38 Finite element analysis (FEA) is an e ngineering tool which has earned great respect within industry and research institu tions and is being incorporated within prosthetics in order to unders tand the “relevant biomechani cal rationale, especially the biomechanical interaction between the stum p and the socket” [35]. FEA is widely applied in engineering practice in order to obtain approxim ate analytical solutions to problems for which no simple closed-form solution exists. To initialize the model, the geometry wh ich represents the residuum and socket alike, is generated and divided into finite se gments (elements) which when put together is referred to as the element mesh. The nodes of the mesh are the points at which there are interface “vertices” [33]. These nodes are cruc ial in the design phase of modeling as they determine the slip parameters of the interface, which tells the program that the socket and residual limb are not one material and must allow slip as well as no tensile stresses to be induced. The method in which slip is impl emented differentiates between research approaches and is described later. FEA requires distinct knowledge of several overall features of the model itself. Several design characteristics are of critical importance, because of their affect on the accuracy of the model: The material properties of the soft tissues which “exhibit nonlinear and non-uniform behavior”. [20] The way that interface nodes between the socket wall and the residual limb are modeled. The accuracy of the residuum geometry: soft tissue, bone, and location.


39 The inclusion of pre-st resses within the soft tissue (as a result of wearing the prosthetic socket, ‘snug fit’/donni ng of the socket on the limb). Each of the above items has been simp lified in different ways by different researchers, which allows fo r variations in results lead ing to skepticism about the accuracy of FEA of external pr osthetic sockets (and interface mechanics). The variations in the research results are discussed later in this chapter. Finite element analysis, as it applies to wards interface mechanics, has progressed tremendously from only accounting for 2-dimens ional geometries with linear properties to now integrating 3-dimensional residual limb geometry and incorporating nonlinear tissue properties (bone, epidermis and other soft tissue) as well as pre-stressing of the epidermis due to the donning of the prosthesis. Other newly integrated approaches attempt to find better models by incorporat ing different distal-end boundary conditions [36]. To summarize the key aspects of the Fin ite Element techniques, in order to have a working analysis, the inputs into the program are as follows: Geometries Element Properties Boundary Conditions Each of these inputs allows for the a pplication of different approaches and variations in the design and analysis of th e interface stresses, thus creating a need for model validation.


40 3.2 Finite Element Analysis Techniques Variations in the three major components of the FE model result in different model predictions. In the next few secti ons, the different approaches to interface mechanics are reviewed based on their de cisions in creating the FE model. 3.2.1 Geometry The model geometry is one of the more co mplex areas of focus within any FEA. Within interface mechanics the model geometry varies from researcher to researcher through many facets: interface methods, residuum modeling and interaction with fibula/tibia location within the residual lim b. The first two are debated within many papers of the field and are discussed here. The ‘interface methods’ describe the type of methodology called upon to describe the interaction of the residuum epidermis a nd the socket liner and socket itself. Zachariah and Sanders [33] describe three diffe rent types of interact ion analysis, each of which is analyzed within this section: Totally “glued” interf ace [1], [17], [21] Partially “glued” interface [25] Slip permitted at the interface [35]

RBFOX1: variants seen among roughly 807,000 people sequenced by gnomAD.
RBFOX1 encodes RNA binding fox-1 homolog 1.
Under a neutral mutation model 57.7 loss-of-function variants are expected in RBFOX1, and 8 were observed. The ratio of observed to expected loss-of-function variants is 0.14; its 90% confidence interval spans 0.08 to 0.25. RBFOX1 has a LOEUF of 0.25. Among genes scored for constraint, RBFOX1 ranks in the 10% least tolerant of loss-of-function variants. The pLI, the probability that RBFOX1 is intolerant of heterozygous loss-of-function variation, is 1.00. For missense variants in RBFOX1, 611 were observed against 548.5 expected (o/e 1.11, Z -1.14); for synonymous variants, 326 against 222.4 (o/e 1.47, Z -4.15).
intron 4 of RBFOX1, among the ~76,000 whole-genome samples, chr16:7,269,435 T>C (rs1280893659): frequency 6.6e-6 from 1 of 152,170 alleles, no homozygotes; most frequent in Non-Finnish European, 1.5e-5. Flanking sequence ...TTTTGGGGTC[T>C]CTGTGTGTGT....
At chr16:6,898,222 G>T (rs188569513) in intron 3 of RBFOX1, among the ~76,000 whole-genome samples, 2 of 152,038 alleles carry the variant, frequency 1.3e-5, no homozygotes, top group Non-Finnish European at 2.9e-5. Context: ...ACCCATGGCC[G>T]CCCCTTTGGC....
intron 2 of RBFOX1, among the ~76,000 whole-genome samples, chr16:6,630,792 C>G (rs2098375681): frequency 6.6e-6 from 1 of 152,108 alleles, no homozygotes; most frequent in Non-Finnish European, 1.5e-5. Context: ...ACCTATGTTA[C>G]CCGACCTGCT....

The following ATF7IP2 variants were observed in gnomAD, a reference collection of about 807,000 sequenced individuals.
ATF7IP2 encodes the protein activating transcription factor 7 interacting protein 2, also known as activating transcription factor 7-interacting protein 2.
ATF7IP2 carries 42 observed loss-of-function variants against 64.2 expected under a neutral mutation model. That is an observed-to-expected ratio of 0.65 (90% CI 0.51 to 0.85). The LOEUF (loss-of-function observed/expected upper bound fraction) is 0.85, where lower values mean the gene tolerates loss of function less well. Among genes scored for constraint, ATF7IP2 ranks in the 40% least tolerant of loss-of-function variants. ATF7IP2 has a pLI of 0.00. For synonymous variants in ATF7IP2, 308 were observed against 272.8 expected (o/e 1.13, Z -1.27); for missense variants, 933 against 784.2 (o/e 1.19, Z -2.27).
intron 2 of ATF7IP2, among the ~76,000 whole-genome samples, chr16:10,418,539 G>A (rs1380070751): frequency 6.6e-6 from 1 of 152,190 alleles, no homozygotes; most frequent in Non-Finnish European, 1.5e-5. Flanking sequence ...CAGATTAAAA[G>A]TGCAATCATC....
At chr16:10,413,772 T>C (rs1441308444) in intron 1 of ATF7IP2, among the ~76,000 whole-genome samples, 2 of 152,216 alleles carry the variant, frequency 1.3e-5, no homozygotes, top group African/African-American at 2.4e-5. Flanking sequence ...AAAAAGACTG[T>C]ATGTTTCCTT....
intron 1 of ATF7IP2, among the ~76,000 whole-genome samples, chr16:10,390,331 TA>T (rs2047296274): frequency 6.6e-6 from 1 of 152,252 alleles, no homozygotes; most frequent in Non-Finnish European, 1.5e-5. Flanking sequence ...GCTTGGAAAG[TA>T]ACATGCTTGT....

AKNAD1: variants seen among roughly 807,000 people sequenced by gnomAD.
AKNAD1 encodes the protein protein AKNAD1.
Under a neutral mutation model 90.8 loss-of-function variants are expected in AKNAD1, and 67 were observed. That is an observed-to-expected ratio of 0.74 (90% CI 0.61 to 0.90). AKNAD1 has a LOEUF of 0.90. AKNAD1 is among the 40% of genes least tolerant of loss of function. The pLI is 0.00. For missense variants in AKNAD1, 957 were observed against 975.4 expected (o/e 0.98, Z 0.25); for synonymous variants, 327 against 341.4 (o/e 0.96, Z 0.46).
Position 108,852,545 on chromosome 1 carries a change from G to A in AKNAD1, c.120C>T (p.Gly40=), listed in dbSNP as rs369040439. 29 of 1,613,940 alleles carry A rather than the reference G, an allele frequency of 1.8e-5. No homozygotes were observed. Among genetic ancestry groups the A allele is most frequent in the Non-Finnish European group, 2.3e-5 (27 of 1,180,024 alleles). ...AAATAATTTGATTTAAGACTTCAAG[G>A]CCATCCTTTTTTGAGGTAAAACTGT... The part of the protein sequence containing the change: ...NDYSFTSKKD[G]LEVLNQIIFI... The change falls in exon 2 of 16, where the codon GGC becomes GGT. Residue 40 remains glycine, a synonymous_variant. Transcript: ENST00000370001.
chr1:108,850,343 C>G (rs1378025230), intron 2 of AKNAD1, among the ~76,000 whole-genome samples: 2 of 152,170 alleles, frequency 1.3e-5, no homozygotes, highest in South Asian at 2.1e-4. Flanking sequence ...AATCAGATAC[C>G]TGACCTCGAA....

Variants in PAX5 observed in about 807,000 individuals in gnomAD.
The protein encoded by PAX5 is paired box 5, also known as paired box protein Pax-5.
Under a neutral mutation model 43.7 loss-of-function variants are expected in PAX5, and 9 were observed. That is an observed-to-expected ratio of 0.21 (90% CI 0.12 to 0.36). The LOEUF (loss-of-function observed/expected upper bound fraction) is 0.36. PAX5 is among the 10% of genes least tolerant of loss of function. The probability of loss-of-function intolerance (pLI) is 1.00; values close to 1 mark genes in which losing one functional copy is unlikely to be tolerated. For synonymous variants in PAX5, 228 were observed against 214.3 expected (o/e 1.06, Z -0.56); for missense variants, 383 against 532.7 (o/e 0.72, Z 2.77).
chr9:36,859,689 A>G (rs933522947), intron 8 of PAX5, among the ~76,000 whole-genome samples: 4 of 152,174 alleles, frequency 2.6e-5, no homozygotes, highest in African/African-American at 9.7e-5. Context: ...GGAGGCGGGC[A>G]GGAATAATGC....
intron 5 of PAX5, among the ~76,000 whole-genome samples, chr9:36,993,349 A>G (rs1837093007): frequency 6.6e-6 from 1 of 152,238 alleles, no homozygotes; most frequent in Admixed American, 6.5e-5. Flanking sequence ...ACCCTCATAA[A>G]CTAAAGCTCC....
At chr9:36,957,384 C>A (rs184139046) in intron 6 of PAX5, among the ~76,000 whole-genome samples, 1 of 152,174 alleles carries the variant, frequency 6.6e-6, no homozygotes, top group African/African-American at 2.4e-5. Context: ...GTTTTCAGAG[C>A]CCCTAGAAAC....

41 Totally-Glued Interface The totally-glued interface is an assumpti on that the residual limb and the socket or socket liner (and socket) are modeled as sharing nodes. Sharing these nodes implies that no slip or separation is allowable and thus acts just as a glued interface would. “The interface stress estimated by the FE solution is the nodal stress at the set of common nodes” [33]. Zachariah and Sande rs [33] describe the main a dvantage of the totally-glued interface as its simplicity, both in setup and in computation as well as the low cost of the tools required to perform the computation. Brennan [1] used a model which employed the method of totally-glued interface between the skin and the socket in an above knee prosthetic socket. The socket was modeled as a rigid structure and no socket liner was employed in the model. The residuum epidermis was not modeled separate ly and thus shared the common nodes with the rigid socket wall. The Poisson’s Ratio and Young’s Modulus were standardized (in reference literature), while the material be havior of the soft ti ssue was based upon other research noted in the paper. Brennan compared the data collected from the FE model to experimental data which was set up to meas ure the pressure at key points within a modified socket which held piezoresistive pr essure transducers in key locations within the socket wall. Sanders [20] also utilized the totally-glued in terface to make early assumptions to simplify analysis. While the method seem s common, Sanders did utilize a unique approach in material modeling; both fat, so ft tissue and muscle were included in the geometry of the residuum, trying to crea te a more accurate model of the residuum.